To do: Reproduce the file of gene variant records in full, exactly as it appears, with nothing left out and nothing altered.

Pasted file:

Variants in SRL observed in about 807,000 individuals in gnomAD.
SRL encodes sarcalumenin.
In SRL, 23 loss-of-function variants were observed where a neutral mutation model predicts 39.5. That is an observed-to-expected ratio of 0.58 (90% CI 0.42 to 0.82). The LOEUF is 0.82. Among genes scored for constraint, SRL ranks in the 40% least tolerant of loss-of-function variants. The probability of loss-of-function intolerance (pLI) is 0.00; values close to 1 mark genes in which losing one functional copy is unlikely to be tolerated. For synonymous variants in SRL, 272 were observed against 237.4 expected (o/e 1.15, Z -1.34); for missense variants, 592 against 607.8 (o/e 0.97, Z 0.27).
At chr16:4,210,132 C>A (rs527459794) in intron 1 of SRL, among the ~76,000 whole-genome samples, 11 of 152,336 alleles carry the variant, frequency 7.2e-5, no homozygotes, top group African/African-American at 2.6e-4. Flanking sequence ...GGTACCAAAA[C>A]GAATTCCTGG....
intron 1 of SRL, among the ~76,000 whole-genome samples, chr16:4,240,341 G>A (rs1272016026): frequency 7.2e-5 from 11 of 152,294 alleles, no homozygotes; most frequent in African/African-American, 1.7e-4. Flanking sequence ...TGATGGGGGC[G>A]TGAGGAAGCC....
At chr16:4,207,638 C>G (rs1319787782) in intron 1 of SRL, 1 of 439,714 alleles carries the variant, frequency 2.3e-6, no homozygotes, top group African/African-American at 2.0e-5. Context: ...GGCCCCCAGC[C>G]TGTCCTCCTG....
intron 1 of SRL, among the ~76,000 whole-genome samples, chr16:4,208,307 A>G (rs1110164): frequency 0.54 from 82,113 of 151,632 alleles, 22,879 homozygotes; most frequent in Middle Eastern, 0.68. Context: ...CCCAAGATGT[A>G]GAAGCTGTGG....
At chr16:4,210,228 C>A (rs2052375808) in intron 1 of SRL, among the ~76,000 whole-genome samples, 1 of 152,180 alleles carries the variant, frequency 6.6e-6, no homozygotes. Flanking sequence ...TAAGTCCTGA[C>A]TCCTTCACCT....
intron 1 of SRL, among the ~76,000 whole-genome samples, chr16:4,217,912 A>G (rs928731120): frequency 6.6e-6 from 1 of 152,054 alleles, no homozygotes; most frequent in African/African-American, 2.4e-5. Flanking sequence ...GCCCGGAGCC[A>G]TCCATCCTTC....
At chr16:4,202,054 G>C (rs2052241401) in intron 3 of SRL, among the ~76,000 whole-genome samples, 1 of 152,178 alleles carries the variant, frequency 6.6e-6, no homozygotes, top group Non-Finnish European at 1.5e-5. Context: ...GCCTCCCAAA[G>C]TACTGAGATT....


Variants in SRL observed in about 807,000 individuals in gnomAD.
SRL encodes sarcalumenin.
In SRL, 23 loss-of-function variants were observed where a neutral mutation model predicts 39.5. That is an observed-to-expected ratio of 0.58 (90% CI 0.42 to 0.82). The LOEUF is 0.82. Among genes scored for constraint, SRL ranks in the 40% least tolerant of loss-of-function variants. The probability of loss-of-function intolerance (pLI) is 0.00; values close to 1 mark genes in which losing one functional copy is unlikely to be tolerated. For synonymous variants in SRL, 272 were observed against 237.4 expected (o/e 1.15, Z -1.34); for missense variants, 592 against 607.8 (o/e 0.97, Z 0.27).
At chr16:4,210,132 C>A (rs527459794) in intron 1 of SRL, among the ~76,000 whole-genome samples, 11 of 152,336 alleles carry the variant, frequency 7.2e-5, no homozygotes, top group African/African-American at 2.6e-4. Flanking sequence ...GGTACCAAAA[C>A]GAATTCCTGG....
intron 1 of SRL, among the ~76,000 whole-genome samples, chr16:4,240,341 G>A (rs1272016026): frequency 7.2e-5 from 11 of 152,294 alleles, no homozygotes; most frequent in African/African-American, 1.7e-4. Flanking sequence ...TGATGGGGGC[G>A]TGAGGAAGCC....
At chr16:4,207,638 C>G (rs1319787782) in intron 1 of SRL, 1 of 439,714 alleles carries the variant, frequency 2.3e-6, no homozygotes, top group African/African-American at 2.0e-5. Context: ...GGCCCCCAGC[C>G]TGTCCTCCTG....
intron 1 of SRL, among the ~76,000 whole-genome samples, chr16:4,208,307 A>G (rs1110164): frequency 0.54 from 82,113 of 151,632 alleles, 22,879 homozygotes; most frequent in Middle Eastern, 0.68. Context: ...CCCAAGATGT[A>G]GAAGCTGTGG....
At chr16:4,210,228 C>A (rs2052375808) in intron 1 of SRL, among the ~76,000 whole-genome samples, 1 of 152,180 alleles carries the variant, frequency 6.6e-6, no homozygotes. Flanking sequence ...TAAGTCCTGA[C>A]TCCTTCACCT....
intron 1 of SRL, among the ~76,000 whole-genome samples, chr16:4,217,912 A>G (rs928731120): frequency 6.6e-6 from 1 of 152,054 alleles, no homozygotes; most frequent in African/African-American, 2.4e-5. Flanking sequence ...GCCCGGAGCC[A>G]TCCATCCTTC....
At chr16:4,202,054 G>C (rs2052241401) in intron 3 of SRL, among the ~76,000 whole-genome samples, 1 of 152,178 alleles carries the variant, frequency 6.6e-6, no homozygotes, top group Non-Finnish European at 1.5e-5. Context: ...GCCTCCCAAA[G>C]TACTGAGATT....